We know we are risking it by going against your gym instructor, diet expert with an experience of X years and your personal nutritionist who helped you get shed X kilos – basically all those people who conditioned you into loathing carbs, but it is true and it is backed by science that carbs are good for your health. 

Remember your grandmom serving nice homemade food with generous dollops of ghee? Maybe she wasn’t all that wrong.

Let’s turn to Japan. Japan boasts the world’s second highest life expectancy and an obesity rate of just 3.5 percent – compared to America’s 35 percent. 

What do you think is the reason behind Japan’s super duper good health rate? You might not feel like believing it but it is their grain-heavy and carb-rich diet.

Eating ‘real food’ is never a bad idea! *does the foodie high-five*

For those who did not know, Japan has a nutritional guideline and it reflects the country’s traditional diet, which is high in grains, fish and soybean products, but low in fat.

And a new study by researchers at the National Center for Global Health and Medicine in Tokyo, reveals that “people who strongly adhere to Japan’s recommended dietary guidelines are 15 percent less likely to die of any cause – such as cardiovascular disease and stroke – compared to those who don’t adhere well.”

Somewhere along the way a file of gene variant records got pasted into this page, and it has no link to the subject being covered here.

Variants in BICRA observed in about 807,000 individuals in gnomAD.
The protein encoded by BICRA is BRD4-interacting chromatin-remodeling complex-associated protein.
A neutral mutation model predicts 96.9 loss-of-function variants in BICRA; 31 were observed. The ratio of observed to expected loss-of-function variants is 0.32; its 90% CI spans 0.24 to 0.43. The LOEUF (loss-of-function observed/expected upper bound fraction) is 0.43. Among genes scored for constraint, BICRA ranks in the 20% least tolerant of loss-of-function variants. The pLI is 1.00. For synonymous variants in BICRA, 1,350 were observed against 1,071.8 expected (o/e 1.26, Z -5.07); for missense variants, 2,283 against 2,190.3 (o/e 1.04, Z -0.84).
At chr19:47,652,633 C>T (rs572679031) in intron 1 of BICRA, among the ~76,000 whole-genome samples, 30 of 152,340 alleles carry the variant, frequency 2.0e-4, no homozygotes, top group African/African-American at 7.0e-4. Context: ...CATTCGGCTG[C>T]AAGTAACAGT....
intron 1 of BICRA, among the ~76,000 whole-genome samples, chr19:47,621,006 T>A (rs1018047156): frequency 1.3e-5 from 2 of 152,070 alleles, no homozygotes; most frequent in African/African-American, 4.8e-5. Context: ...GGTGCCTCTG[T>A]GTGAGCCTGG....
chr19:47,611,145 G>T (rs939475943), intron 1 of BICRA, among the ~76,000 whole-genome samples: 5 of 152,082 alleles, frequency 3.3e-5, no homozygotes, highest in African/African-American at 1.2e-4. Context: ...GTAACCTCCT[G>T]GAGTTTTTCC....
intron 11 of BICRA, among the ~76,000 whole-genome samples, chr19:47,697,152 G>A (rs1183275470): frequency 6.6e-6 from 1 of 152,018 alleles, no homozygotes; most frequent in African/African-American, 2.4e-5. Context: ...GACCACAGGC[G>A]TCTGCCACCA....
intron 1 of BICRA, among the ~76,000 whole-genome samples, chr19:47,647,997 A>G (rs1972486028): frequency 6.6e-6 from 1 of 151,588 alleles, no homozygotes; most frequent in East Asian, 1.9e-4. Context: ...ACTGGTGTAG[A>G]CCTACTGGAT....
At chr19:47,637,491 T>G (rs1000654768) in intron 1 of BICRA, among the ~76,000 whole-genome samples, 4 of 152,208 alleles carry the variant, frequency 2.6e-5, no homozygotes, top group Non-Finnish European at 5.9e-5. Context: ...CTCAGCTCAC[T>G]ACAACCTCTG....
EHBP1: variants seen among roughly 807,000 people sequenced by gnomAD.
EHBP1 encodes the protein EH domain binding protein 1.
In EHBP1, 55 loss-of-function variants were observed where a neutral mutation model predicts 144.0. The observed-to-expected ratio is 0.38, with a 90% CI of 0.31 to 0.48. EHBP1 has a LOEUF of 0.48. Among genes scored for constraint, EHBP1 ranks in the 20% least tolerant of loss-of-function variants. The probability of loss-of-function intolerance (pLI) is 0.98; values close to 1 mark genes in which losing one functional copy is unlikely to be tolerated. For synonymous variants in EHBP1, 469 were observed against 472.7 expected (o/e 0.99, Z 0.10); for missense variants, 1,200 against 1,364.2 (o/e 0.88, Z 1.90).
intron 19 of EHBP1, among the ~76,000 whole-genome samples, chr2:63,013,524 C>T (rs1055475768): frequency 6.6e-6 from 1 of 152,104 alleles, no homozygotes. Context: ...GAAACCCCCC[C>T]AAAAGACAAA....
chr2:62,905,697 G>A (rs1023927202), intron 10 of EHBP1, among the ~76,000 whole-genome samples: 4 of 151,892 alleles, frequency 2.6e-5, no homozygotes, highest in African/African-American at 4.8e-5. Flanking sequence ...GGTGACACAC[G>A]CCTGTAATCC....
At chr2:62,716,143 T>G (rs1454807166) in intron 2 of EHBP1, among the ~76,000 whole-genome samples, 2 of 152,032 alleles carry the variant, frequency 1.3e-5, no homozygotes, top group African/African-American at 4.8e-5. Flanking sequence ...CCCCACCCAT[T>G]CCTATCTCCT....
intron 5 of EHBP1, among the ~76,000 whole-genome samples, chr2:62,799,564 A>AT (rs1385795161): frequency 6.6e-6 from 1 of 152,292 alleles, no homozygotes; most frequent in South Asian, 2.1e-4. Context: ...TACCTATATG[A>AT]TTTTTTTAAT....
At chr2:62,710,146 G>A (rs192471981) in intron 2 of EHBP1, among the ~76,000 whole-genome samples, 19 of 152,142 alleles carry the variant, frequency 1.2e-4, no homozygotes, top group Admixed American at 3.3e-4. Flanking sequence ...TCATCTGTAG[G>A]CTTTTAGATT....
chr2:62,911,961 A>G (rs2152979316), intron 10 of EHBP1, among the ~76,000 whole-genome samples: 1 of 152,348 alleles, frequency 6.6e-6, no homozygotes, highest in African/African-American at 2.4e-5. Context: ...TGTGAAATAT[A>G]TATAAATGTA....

Good news for people who love food – you do not have to choose between your health and your beloved carbs.

James DiNicolantonio, a cardiovascular research scientist at St. Luke’s Mid America Heart Institute, who vehemently defends to death the theory that sugar and carbs cause obesity and other metabolic diseases, also encourages people to eat more high-fat, high-calorie foods to make them feel more full and help them lose weight. 

*faith in human attitude towards food restored*

“Combining a high intake of carbohydrates and fat is the perfect storm for obesity,” he told the HuffPost

The trick that works for the Japanese might be the fact that the average Japanese person walks over 7,000 steps a day. *remembers her sports shoes*

“We can learn a lot about how to be healthy from the Japanese, and it really comes down to eating real food and exercising,” he told the HuffPost.

*Runs to office cafeteria to place an order for food (truck)loaded with carbs*

Featured image: SpiritualIndian